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Winter 2000 Newsletter

Hepatic Abscesses in Feedlot Cattle
Why Necropsy Abortions?
Canine Ehrlichiosis
Equine Polysaccharide Storage Myopathy
Poultry Quality Monitoring
SCID in Arabian Foals
Turkey Corona Virus by ELISA
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Abortions – Why Have Them Necropsied?

  The success rate in identifying causes of abortion by conducting a post mortem on the fetus and placenta is low compared to other diseases.  This is particularly true for cattle, sheep and pigs, the species most frequently submitted to laboratories for fetal pathological analysis.  A unique diagnostic feature of abortions lies in the intimate relationship existing between dam and fetus, simultaneously involved and affected by the event, often unequally.  While the fetus is ultimately affected and prematurely expelled, the triggering cause of abortion in many cases is disease involving the dam and her environment.  The diagnostic conundrum presented by abortion requires critical examination of these relationships.

  Why examine fetus and placenta?

  For owners of affected animals, negative results are of equal importance to positive ones.  Clearly it becomes important to know if an aborted calf is affected with IBR or Neospora, or that lambs were aborted because of toxoplasmosis or coxiellosis.  An accurate diagnosis allows the practitioner to respond using solid medical information in determining treatment and preventative measures for specific diseases.  On the other hand, negative results – despite full pathological and microbiological examination-offer reassurance that several infectious diseases, including important zoonoses, have been partially or completely ruled out.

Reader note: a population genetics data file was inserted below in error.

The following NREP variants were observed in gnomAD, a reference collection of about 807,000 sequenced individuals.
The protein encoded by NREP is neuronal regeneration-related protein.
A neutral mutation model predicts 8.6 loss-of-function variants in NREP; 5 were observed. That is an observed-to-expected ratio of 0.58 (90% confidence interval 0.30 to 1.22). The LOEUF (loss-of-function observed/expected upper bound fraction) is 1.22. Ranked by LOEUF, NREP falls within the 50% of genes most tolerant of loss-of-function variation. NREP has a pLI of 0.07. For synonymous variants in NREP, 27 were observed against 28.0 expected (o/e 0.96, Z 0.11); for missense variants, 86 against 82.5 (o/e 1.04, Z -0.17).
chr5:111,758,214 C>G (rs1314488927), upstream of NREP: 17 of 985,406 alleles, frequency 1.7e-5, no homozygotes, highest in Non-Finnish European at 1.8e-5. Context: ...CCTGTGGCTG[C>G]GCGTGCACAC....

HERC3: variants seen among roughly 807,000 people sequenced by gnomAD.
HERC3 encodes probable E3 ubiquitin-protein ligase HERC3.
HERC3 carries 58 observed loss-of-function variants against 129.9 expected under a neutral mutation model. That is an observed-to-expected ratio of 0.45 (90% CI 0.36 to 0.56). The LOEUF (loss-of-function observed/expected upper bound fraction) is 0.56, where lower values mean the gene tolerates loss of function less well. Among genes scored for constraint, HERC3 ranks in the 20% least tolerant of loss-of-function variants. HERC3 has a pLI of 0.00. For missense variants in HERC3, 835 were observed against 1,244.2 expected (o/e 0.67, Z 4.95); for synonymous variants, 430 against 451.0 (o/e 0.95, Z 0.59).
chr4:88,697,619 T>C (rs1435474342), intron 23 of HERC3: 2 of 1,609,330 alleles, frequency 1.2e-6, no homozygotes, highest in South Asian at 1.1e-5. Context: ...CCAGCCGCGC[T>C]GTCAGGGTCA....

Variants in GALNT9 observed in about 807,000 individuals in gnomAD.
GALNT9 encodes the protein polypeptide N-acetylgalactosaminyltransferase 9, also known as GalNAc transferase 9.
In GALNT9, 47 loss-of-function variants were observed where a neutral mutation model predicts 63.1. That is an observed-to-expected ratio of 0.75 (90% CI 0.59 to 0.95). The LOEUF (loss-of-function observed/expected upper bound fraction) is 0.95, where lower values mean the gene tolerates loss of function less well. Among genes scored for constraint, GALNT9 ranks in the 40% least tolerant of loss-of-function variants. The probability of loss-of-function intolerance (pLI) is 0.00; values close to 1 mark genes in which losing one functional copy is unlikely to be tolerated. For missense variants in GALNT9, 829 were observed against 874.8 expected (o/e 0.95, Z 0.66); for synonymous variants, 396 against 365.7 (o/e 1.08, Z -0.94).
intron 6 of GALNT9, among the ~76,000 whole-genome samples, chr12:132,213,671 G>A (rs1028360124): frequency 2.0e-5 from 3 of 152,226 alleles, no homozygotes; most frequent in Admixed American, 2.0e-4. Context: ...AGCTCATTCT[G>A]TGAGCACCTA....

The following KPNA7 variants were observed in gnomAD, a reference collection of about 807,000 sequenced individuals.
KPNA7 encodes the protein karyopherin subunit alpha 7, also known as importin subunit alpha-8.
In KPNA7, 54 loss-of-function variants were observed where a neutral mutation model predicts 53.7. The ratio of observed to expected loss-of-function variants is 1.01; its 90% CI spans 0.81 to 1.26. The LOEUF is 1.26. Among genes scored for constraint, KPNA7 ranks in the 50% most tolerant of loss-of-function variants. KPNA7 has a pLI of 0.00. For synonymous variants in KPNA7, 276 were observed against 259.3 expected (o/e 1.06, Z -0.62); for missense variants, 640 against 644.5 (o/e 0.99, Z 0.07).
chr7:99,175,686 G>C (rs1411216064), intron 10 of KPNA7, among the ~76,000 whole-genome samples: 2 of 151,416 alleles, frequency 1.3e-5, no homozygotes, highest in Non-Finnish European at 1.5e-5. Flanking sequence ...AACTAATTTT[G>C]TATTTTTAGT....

Examination of the aborted fetus can provide insight into noninfectious diseases affecting the unborn like congenital anomalies incompatible with fetal survival, placental hemorrhage arising from trauma, fetal heart failure caused by dietary selenium deficiency and hemorrhage as a result of sweet clover poisoning.  A full term, underdeveloped fetus may reveal maternal problems like inadequate nutrition through the later half of pregnancy, or placental disease.  The detailed necropsy supplemented by histology and other tests involving virus isolation or immunohistochemistry help differentiate noninfectious disease from things like congenital exposure to BVD.

  Genetic defects in livestock are occasionally expressed as fetal deformities that result in death of the fetus and abortion.  A few specific genetic defects may be identified through examination of fetal tissue.  Osteopetrosis, arthrogryposis of cattle and “spider-lamb” chondrodysplasia in sheep are in this category.  Non-heritable chromosomal defects with malformation of multiple body systems may be diagnosed by karyotyping viable cells collected from fetal tissue.

  Autolysis is a major enemy of the pathologist.  Fetal submissions are received in various states of autolysis more frequently than any other type of specimen, due in large part to in utero decomposition of the dead fetus that may not be expelled for a period of time while maintained at the dam’s body temperature.  Despite this reality, pathologists are repeatedly surprised to find characteristic lesions of IBR (liver),  Neospora (brain) and other infections when autolyzed tissue is examined histologically.

  Even the autolyzed fetus can be a valuable diagnostic tool.

   -By Dr. James P. Orr, Pathologist

    Reprinted with permission from   the Animal Health Expositor,  Prairie Diagnostic Services,
    Saskatoon, Saskatchewan




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